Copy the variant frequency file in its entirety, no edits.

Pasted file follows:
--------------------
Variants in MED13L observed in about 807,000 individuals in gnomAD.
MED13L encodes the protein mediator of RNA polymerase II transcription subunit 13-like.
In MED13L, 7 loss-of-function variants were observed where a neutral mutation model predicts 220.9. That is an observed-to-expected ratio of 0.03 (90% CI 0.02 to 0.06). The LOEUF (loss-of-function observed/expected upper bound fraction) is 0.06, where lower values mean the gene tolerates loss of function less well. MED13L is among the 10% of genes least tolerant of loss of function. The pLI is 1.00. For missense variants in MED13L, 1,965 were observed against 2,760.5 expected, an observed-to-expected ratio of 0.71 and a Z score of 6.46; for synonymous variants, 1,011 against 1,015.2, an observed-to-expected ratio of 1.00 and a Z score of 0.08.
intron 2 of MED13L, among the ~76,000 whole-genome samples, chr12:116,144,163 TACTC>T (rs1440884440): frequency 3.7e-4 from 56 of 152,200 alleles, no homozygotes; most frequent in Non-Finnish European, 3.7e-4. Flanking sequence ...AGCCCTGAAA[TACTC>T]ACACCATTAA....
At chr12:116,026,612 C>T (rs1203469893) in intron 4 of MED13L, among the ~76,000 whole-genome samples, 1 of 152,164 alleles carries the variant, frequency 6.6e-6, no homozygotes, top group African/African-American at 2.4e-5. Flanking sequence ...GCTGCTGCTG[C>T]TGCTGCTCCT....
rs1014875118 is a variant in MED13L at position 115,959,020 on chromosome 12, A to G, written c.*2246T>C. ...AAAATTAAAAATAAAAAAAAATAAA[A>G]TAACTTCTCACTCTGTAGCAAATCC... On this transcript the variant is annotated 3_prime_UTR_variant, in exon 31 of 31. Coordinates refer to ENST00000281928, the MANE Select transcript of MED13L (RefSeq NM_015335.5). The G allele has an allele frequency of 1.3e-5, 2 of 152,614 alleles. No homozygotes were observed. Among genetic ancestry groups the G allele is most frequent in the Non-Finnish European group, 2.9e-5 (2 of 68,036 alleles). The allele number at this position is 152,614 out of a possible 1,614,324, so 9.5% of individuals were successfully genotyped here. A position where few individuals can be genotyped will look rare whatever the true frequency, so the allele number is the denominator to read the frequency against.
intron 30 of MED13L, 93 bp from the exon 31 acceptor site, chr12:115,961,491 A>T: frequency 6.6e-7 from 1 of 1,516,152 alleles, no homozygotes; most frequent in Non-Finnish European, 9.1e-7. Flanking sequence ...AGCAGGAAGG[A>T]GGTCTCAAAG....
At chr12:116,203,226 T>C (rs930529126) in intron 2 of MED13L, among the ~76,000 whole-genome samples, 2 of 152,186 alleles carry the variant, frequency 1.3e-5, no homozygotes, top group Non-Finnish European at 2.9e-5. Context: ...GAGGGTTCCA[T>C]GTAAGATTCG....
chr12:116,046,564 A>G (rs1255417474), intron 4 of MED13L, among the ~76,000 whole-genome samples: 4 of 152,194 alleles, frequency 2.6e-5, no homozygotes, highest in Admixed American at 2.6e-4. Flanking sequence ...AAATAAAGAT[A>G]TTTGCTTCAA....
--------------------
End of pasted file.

Variants in MED13L observed in about 807,000 individuals in gnomAD.
MED13L encodes the protein mediator of RNA polymerase II transcription subunit 13-like.
In MED13L, 7 loss-of-function variants were observed where a neutral mutation model predicts 220.9. That is an observed-to-expected ratio of 0.03 (90% CI 0.02 to 0.06). The LOEUF (loss-of-function observed/expected upper bound fraction) is 0.06, where lower values mean the gene tolerates loss of function less well. MED13L is among the 10% of genes least tolerant of loss of function. The pLI is 1.00. For missense variants in MED13L, 1,965 were observed against 2,760.5 expected, an observed-to-expected ratio of 0.71 and a Z score of 6.46; for synonymous variants, 1,011 against 1,015.2, an observed-to-expected ratio of 1.00 and a Z score of 0.08.
intron 2 of MED13L, among the ~76,000 whole-genome samples, chr12:116,144,163 TACTC>T (rs1440884440): frequency 3.7e-4 from 56 of 152,200 alleles, no homozygotes; most frequent in Non-Finnish European, 3.7e-4. Flanking sequence ...AGCCCTGAAA[TACTC>T]ACACCATTAA....
At chr12:116,026,612 C>T (rs1203469893) in intron 4 of MED13L, among the ~76,000 whole-genome samples, 1 of 152,164 alleles carries the variant, frequency 6.6e-6, no homozygotes, top group African/African-American at 2.4e-5. Flanking sequence ...GCTGCTGCTG[C>T]TGCTGCTCCT....
rs1014875118 is a variant in MED13L at position 115,959,020 on chromosome 12, A to G, written c.*2246T>C. ...AAAATTAAAAATAAAAAAAAATAAA[A>G]TAACTTCTCACTCTGTAGCAAATCC... On this transcript the variant is annotated 3_prime_UTR_variant, in exon 31 of 31. Coordinates refer to ENST00000281928, the MANE Select transcript of MED13L (RefSeq NM_015335.5). The G allele has an allele frequency of 1.3e-5, 2 of 152,614 alleles. No homozygotes were observed. Among genetic ancestry groups the G allele is most frequent in the Non-Finnish European group, 2.9e-5 (2 of 68,036 alleles). The allele number at this position is 152,614 out of a possible 1,614,324, so 9.5% of individuals were successfully genotyped here. A position where few individuals can be genotyped will look rare whatever the true frequency, so the allele number is the denominator to read the frequency against.
intron 30 of MED13L, 93 bp from the exon 31 acceptor site, chr12:115,961,491 A>T: frequency 6.6e-7 from 1 of 1,516,152 alleles, no homozygotes; most frequent in Non-Finnish European, 9.1e-7. Flanking sequence ...AGCAGGAAGG[A>T]GGTCTCAAAG....
At chr12:116,203,226 T>C (rs930529126) in intron 2 of MED13L, among the ~76,000 whole-genome samples, 2 of 152,186 alleles carry the variant, frequency 1.3e-5, no homozygotes, top group Non-Finnish European at 2.9e-5. Context: ...GAGGGTTCCA[T>C]GTAAGATTCG....
chr12:116,046,564 A>G (rs1255417474), intron 4 of MED13L, among the ~76,000 whole-genome samples: 4 of 152,194 alleles, frequency 2.6e-5, no homozygotes, highest in Admixed American at 2.6e-4. Flanking sequence ...AAATAAAGAT[A>G]TTTGCTTCAA....